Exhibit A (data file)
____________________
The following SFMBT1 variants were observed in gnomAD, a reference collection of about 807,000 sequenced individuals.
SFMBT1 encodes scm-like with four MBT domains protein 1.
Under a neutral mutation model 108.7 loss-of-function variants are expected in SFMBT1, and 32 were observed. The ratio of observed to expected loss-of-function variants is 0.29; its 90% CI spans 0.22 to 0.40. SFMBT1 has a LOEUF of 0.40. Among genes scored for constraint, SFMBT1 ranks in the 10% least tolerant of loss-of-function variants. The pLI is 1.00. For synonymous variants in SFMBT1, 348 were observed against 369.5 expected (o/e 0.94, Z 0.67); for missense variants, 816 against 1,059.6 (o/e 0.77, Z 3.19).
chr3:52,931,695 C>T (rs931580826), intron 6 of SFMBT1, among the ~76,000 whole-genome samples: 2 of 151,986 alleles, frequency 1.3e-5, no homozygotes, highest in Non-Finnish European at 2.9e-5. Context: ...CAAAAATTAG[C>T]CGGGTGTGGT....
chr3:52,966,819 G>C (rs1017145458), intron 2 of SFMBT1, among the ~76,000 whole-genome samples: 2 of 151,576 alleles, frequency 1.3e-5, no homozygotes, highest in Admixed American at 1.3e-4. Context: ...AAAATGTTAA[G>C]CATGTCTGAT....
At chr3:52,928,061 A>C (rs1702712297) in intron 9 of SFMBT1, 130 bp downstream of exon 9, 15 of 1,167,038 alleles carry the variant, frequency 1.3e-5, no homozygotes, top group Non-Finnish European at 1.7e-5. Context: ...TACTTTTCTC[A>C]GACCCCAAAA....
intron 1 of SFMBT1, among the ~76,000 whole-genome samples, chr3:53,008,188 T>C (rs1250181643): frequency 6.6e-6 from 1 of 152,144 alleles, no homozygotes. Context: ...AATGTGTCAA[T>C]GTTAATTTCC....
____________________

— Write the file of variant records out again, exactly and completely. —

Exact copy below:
The following SFMBT1 variants were observed in gnomAD, a reference collection of about 807,000 sequenced individuals.
SFMBT1 encodes scm-like with four MBT domains protein 1.
Under a neutral mutation model 108.7 loss-of-function variants are expected in SFMBT1, and 32 were observed. The ratio of observed to expected loss-of-function variants is 0.29; its 90% CI spans 0.22 to 0.40. SFMBT1 has a LOEUF of 0.40. Among genes scored for constraint, SFMBT1 ranks in the 10% least tolerant of loss-of-function variants. The pLI is 1.00. For synonymous variants in SFMBT1, 348 were observed against 369.5 expected (o/e 0.94, Z 0.67); for missense variants, 816 against 1,059.6 (o/e 0.77, Z 3.19).
chr3:52,931,695 C>T (rs931580826), intron 6 of SFMBT1, among the ~76,000 whole-genome samples: 2 of 151,986 alleles, frequency 1.3e-5, no homozygotes, highest in Non-Finnish European at 2.9e-5. Context: ...CAAAAATTAG[C>T]CGGGTGTGGT....
chr3:52,966,819 G>C (rs1017145458), intron 2 of SFMBT1, among the ~76,000 whole-genome samples: 2 of 151,576 alleles, frequency 1.3e-5, no homozygotes, highest in Admixed American at 1.3e-4. Context: ...AAAATGTTAA[G>C]CATGTCTGAT....
At chr3:52,928,061 A>C (rs1702712297) in intron 9 of SFMBT1, 130 bp downstream of exon 9, 15 of 1,167,038 alleles carry the variant, frequency 1.3e-5, no homozygotes, top group Non-Finnish European at 1.7e-5. Context: ...TACTTTTCTC[A>C]GACCCCAAAA....
intron 1 of SFMBT1, among the ~76,000 whole-genome samples, chr3:53,008,188 T>C (rs1250181643): frequency 6.6e-6 from 1 of 152,144 alleles, no homozygotes. Context: ...AATGTGTCAA[T>C]GTTAATTTCC....